Colonialism and racism and gentrification and waffles

Reader Amy Y. has been following a little spat being played out on the facade of Linea Caffe (which houses the waffle shop Lt. Waffle). It started with a little promotional signage featuring the visage of some Belgian guy from history, which begat an angry flyer:

Here’s the rant up close:

And the response from the Lt. Waffle crew:

Gotta love that Anthony Myint. (And daaaaaaaaamn, those waffles.)

(Thanks, Amy!)

Tartine and Bi-Rite a million years ago

[Photos courtesy of SF History Center / SF Public Library, via Katy Hill]

Back when the most expensive concert ticket in town was Led Zeppelin

And it was $11.50.

Tonight you can see an LCD Soundsystem *cover band* at Verdi Club for $15.

[via Emma]

Double-decker Golden Gate Bridge

I think we’ve probably seen this before, but it’s been making the rounds on Tumblr again lately, and in light of today’s bummer bridge news I thought we could all just take it in once again and think happy thoughts :)

[via Bone Surf]

1974 at Paco’s Tacos

Mission Local made a great new video with archival footage from 1974 and brought some of the people back to continue the interview in present day. More context and discussion on their site.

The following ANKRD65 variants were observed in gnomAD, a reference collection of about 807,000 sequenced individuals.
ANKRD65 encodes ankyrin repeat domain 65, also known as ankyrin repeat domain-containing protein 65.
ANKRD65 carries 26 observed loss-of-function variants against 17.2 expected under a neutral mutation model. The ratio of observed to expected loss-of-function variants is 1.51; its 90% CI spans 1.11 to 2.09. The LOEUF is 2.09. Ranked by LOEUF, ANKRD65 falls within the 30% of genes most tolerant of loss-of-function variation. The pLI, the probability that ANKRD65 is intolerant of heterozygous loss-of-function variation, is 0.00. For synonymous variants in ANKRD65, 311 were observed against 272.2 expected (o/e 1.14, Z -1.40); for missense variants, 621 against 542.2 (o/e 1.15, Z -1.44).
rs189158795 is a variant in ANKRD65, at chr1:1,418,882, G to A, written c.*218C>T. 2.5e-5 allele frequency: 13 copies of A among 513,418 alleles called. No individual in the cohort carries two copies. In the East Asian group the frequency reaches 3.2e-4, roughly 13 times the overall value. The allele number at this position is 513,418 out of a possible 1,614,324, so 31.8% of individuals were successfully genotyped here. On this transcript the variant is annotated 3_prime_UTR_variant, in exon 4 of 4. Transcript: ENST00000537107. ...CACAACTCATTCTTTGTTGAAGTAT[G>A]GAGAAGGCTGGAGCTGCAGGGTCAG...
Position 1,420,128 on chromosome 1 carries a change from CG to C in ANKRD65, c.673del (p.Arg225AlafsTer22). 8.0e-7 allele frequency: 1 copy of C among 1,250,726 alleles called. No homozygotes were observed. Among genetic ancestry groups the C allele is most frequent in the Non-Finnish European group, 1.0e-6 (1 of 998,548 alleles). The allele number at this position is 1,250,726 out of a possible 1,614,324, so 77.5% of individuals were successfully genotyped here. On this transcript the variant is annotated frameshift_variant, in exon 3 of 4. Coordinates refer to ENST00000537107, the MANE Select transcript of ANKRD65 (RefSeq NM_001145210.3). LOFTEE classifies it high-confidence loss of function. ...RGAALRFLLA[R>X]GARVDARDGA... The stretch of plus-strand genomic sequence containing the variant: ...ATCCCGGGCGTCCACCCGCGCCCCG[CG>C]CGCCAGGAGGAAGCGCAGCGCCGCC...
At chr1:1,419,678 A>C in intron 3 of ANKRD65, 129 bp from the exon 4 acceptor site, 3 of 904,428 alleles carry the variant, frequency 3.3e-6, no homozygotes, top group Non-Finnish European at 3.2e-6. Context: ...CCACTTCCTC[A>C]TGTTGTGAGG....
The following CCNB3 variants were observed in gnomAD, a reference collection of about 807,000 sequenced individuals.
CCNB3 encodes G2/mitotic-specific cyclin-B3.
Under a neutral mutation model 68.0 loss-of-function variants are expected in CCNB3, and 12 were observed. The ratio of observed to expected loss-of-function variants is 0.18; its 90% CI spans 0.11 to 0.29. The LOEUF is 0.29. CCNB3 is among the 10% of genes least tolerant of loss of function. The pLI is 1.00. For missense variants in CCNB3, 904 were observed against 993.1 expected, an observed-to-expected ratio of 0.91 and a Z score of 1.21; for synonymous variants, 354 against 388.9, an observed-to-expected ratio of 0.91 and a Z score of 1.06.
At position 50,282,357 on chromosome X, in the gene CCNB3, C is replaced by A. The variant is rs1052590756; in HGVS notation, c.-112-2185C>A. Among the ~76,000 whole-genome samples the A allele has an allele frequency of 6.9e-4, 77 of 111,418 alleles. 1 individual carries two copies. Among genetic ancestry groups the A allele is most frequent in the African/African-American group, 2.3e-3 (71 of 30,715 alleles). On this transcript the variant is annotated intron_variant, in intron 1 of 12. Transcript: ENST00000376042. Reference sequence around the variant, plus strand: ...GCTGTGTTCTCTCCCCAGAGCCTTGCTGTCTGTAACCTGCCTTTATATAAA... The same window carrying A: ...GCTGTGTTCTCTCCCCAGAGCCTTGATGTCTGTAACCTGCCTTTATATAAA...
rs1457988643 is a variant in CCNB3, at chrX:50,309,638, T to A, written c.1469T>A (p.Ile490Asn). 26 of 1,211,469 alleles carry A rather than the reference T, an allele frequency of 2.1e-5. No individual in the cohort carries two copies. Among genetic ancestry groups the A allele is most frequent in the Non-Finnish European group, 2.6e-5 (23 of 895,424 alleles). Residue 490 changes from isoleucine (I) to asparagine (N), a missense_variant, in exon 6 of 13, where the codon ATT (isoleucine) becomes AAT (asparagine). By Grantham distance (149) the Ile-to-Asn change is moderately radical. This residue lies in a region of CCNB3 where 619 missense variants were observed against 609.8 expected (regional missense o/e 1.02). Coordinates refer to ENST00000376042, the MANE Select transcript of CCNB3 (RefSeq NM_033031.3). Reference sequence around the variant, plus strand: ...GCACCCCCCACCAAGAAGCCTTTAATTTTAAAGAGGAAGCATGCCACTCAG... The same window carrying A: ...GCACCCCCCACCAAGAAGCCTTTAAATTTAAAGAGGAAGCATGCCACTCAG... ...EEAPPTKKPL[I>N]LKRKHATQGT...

Rail bridge over Dolores Street

UPDATE: Lots more info over at Burrito Justice.

Back when Amoeba was a bowling alley

[via Amoeba]

I remember Valencha

In a post called “I Remember Valencha,” local blog Ticklefight takes a look back at a Valencia Street of the not-so-distant past:

KFC used to own this stretch and they knew it. For blocks and blocks you could smell it, sometimes all the way up to the other KFC on 14th or the Taco Bell near Saint Luke’s.

The 26 would get you all over, that is if it ever showed up. Plenty of seats and hardly any riff-raff.

The Gardens on 15th were a jungle and you stayed away if you could because you knew better.

Read on for the scoop on $2 slices and some pondering about the future of La Rondalla.

Also, let’s all be sure to read former Mission Mission editor Kat Malinowska’s stirring remembrance of the 26-Valencia (sample excerpt: “Riding the 26 always made me feel like I was taking public transit in Santa Barbara”).

Bars on Mission Street at the turn of last century harbored even more mustaches than bars of today

As Patti Dillion explains to the Bernal Heights History Project:

This is a photo of the interior of Dolan’s Bar which was at 3311 Mission St from about 1897 to 1919.  The Dolan Bros were:

  • William T
  • John E – her great grandfather and member of the SFPD
  • Michael H – also of the SFPD
  • Lawrence J – plumber by trade and elected to the CA State Assembly & Sheriff of San Francisco, appointed Sealer of Weights and Measures (second from the left in the photo)

Says Patti: “I’m wondering if someone has a photo of the exterior of the building from about the same time. I would love to see what it looked like back then.”

Can anyone help her out?

Market Street in the late ’90s

Local historian David Enos just unearthed this blurry but evocative photograph of the scene on Market Street in the late ’90s. Don’t you wanna just dive in and swim around in it?